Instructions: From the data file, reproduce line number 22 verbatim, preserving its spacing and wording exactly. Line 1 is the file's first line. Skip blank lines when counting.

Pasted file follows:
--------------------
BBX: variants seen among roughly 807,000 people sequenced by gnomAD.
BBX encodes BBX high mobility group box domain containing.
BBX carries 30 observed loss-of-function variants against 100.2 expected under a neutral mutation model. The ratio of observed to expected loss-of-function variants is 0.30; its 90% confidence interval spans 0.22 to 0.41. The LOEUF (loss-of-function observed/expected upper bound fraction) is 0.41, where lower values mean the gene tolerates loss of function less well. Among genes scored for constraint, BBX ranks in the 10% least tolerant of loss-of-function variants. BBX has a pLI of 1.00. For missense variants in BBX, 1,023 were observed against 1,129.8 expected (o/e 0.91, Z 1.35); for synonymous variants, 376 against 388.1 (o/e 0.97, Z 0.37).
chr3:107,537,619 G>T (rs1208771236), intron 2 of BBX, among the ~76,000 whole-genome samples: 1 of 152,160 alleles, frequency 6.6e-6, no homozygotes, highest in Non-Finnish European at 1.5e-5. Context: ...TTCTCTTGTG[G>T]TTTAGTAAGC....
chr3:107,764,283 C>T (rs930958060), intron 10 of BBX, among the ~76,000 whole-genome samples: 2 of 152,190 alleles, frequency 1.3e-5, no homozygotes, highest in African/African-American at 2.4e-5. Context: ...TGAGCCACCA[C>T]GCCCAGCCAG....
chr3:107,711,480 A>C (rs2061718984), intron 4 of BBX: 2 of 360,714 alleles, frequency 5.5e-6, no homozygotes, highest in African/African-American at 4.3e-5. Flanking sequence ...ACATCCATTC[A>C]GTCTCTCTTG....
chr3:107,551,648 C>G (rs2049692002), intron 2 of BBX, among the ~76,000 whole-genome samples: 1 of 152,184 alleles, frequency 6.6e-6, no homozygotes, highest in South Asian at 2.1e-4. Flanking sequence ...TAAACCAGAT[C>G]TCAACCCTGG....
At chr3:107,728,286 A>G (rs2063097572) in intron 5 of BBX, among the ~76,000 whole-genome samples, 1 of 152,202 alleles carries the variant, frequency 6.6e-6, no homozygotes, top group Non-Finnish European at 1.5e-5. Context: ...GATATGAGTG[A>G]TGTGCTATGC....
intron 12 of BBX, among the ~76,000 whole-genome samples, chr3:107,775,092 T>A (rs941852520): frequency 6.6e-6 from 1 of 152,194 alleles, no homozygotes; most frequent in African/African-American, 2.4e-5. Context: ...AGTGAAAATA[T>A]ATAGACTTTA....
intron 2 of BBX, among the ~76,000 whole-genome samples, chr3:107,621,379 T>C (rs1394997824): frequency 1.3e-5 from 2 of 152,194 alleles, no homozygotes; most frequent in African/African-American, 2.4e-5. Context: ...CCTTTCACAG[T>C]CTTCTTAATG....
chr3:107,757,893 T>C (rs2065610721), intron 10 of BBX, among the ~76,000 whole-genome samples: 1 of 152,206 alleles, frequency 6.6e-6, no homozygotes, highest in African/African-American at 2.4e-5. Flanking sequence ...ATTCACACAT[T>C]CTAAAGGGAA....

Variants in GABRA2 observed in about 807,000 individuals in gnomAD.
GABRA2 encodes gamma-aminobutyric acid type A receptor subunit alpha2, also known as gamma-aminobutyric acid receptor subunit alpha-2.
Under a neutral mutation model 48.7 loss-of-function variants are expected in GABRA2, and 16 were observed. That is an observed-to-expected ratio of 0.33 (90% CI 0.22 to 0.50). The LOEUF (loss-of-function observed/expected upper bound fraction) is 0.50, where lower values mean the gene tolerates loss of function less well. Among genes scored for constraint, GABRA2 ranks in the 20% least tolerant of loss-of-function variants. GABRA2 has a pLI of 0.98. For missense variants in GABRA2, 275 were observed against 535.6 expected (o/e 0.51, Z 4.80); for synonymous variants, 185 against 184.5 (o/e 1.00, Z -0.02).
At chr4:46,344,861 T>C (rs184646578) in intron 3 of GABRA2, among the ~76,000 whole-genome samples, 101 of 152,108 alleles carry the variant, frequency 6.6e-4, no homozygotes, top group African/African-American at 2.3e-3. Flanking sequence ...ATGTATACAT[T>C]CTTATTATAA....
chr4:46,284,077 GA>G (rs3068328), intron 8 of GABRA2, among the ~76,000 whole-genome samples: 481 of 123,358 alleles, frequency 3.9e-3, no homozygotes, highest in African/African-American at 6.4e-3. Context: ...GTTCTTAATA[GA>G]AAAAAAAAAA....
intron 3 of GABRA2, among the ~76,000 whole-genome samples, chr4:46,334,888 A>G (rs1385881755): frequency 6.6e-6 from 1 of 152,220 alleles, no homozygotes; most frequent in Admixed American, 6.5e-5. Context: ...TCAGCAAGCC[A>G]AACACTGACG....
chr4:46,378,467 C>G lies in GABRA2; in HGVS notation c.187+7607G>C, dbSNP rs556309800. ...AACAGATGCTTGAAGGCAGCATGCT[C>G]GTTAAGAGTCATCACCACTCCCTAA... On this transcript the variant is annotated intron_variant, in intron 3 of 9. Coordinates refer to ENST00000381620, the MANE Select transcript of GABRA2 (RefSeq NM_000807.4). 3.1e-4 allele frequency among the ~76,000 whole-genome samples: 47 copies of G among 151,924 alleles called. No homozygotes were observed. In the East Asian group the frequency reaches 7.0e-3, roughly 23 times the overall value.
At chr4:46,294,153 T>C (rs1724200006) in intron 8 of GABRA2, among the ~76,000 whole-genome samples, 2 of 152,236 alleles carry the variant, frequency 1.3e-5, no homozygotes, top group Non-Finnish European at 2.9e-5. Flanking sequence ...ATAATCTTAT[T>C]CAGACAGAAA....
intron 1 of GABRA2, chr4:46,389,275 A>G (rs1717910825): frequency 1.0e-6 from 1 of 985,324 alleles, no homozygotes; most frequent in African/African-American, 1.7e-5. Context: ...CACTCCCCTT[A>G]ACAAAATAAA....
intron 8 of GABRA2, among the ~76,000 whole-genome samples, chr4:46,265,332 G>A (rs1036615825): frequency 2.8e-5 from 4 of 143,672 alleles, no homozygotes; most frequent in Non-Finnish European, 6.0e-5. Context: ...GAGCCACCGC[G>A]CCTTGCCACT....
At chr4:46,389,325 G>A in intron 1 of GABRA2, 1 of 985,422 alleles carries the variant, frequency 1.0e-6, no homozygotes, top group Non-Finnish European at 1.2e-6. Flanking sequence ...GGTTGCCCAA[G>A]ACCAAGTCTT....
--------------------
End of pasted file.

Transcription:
At chr4:46,389,325 G>A in intron 1 of GABRA2, 1 of 985,422 alleles carries the variant, frequency 1.0e-6, no homozygotes, top group Non-Finnish European at 1.2e-6. Flanking sequence ...GGTTGCCCAA[G>A]ACCAAGTCTT....